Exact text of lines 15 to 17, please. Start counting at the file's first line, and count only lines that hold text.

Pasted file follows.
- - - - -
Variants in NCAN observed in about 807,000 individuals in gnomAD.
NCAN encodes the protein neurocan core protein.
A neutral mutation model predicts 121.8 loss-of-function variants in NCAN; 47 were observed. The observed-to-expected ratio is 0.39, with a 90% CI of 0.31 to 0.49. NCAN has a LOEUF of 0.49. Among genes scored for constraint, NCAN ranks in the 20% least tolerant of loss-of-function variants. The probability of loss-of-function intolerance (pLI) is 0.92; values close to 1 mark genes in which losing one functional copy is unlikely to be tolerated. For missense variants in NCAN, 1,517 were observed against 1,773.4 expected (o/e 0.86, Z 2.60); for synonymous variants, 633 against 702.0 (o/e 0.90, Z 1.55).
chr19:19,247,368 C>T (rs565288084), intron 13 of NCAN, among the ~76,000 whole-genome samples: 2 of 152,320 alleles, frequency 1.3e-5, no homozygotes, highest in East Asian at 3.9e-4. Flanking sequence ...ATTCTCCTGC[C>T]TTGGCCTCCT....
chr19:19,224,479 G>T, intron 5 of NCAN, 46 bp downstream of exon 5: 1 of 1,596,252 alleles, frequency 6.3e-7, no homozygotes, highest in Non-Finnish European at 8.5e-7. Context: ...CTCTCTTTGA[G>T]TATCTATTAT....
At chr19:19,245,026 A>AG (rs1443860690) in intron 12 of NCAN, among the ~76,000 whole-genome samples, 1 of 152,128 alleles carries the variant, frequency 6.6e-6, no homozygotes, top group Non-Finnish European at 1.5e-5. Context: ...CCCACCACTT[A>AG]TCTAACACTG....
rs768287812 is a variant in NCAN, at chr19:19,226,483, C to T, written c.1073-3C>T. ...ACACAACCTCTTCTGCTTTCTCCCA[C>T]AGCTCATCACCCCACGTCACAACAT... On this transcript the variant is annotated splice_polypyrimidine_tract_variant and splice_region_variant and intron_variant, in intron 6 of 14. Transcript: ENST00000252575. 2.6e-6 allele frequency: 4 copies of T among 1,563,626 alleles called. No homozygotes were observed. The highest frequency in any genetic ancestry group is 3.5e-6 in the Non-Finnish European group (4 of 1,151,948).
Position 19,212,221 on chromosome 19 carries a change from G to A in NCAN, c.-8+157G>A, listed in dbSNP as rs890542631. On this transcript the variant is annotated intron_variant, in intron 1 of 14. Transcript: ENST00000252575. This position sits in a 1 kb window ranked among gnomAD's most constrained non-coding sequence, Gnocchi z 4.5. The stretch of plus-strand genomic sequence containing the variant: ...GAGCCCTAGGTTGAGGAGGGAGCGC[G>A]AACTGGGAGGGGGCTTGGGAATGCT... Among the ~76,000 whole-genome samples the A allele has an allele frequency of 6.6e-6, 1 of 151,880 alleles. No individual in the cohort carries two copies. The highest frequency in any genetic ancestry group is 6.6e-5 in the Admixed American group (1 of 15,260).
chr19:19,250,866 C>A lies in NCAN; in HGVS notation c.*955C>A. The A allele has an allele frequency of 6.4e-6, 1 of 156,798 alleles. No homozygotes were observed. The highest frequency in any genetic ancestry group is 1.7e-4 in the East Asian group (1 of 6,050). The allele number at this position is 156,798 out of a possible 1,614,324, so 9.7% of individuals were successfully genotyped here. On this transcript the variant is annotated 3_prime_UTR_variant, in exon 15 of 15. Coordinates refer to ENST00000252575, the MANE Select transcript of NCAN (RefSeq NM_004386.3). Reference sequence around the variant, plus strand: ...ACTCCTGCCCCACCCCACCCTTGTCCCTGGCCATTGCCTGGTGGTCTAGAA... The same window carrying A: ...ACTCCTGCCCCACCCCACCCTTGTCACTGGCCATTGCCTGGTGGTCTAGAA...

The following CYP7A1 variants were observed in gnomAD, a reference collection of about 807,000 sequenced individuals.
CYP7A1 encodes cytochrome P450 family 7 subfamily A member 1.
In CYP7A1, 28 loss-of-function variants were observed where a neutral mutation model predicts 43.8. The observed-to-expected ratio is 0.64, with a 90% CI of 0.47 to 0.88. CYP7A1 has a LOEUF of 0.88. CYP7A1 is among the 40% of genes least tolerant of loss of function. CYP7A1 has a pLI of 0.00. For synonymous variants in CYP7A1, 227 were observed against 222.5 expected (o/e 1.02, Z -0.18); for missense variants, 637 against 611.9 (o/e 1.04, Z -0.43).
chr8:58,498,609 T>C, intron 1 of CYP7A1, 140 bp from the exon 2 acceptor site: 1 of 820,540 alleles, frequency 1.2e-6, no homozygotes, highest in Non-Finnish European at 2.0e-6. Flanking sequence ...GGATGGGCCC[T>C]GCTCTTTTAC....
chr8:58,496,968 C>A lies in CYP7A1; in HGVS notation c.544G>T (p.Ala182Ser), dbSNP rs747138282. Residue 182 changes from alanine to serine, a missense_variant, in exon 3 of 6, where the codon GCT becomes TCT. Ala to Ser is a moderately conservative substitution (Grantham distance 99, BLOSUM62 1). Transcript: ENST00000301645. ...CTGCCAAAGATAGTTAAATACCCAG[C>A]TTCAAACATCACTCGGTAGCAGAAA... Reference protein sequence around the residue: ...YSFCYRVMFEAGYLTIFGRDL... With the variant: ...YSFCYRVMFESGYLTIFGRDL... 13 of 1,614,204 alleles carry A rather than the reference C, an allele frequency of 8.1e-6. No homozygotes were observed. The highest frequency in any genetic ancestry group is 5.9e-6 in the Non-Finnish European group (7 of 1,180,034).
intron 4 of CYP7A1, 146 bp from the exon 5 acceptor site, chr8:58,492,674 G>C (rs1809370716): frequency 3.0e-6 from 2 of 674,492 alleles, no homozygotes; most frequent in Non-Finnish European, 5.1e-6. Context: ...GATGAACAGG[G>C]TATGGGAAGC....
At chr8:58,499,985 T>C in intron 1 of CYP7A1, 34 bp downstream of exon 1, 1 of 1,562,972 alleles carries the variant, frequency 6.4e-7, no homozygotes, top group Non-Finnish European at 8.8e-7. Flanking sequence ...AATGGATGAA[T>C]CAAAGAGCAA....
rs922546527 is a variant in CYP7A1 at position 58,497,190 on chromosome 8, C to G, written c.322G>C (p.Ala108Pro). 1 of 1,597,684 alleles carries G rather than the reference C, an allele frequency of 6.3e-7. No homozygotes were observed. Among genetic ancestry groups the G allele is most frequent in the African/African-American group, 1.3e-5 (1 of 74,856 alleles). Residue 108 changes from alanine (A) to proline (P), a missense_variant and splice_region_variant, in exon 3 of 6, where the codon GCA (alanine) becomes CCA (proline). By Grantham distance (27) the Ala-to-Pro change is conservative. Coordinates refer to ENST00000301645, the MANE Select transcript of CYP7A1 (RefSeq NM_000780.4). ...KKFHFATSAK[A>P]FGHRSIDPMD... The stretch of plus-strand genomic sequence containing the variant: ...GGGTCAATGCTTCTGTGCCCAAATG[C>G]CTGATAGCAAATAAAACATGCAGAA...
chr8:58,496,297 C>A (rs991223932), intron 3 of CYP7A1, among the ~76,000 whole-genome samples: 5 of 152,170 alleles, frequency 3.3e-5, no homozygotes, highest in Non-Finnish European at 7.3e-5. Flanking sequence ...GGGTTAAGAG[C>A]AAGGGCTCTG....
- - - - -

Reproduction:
intron 4 of CYP7A1, 146 bp from the exon 5 acceptor site, chr8:58,492,674 G>C (rs1809370716): frequency 3.0e-6 from 2 of 674,492 alleles, no homozygotes; most frequent in Non-Finnish European, 5.1e-6. Context: ...GATGAACAGG[G>C]TATGGGAAGC....
At chr8:58,499,985 T>C in intron 1 of CYP7A1, 34 bp downstream of exon 1, 1 of 1,562,972 alleles carries the variant, frequency 6.4e-7, no homozygotes, top group Non-Finnish European at 8.8e-7. Flanking sequence ...AATGGATGAA[T>C]CAAAGAGCAA....
rs922546527 is a variant in CYP7A1 at position 58,497,190 on chromosome 8, C to G, written c.322G>C (p.Ala108Pro). 1 of 1,597,684 alleles carries G rather than the reference C, an allele frequency of 6.3e-7. No homozygotes were observed. Among genetic ancestry groups the G allele is most frequent in the African/African-American group, 1.3e-5 (1 of 74,856 alleles). Residue 108 changes from alanine (A) to proline (P), a missense_variant and splice_region_variant, in exon 3 of 6, where the codon GCA (alanine) becomes CCA (proline). By Grantham distance (27) the Ala-to-Pro change is conservative. Coordinates refer to ENST00000301645, the MANE Select transcript of CYP7A1 (RefSeq NM_000780.4). ...KKFHFATSAK[A>P]FGHRSIDPMD... The stretch of plus-strand genomic sequence containing the variant: ...GGGTCAATGCTTCTGTGCCCAAATG[C>G]CTGATAGCAAATAAAACATGCAGAA...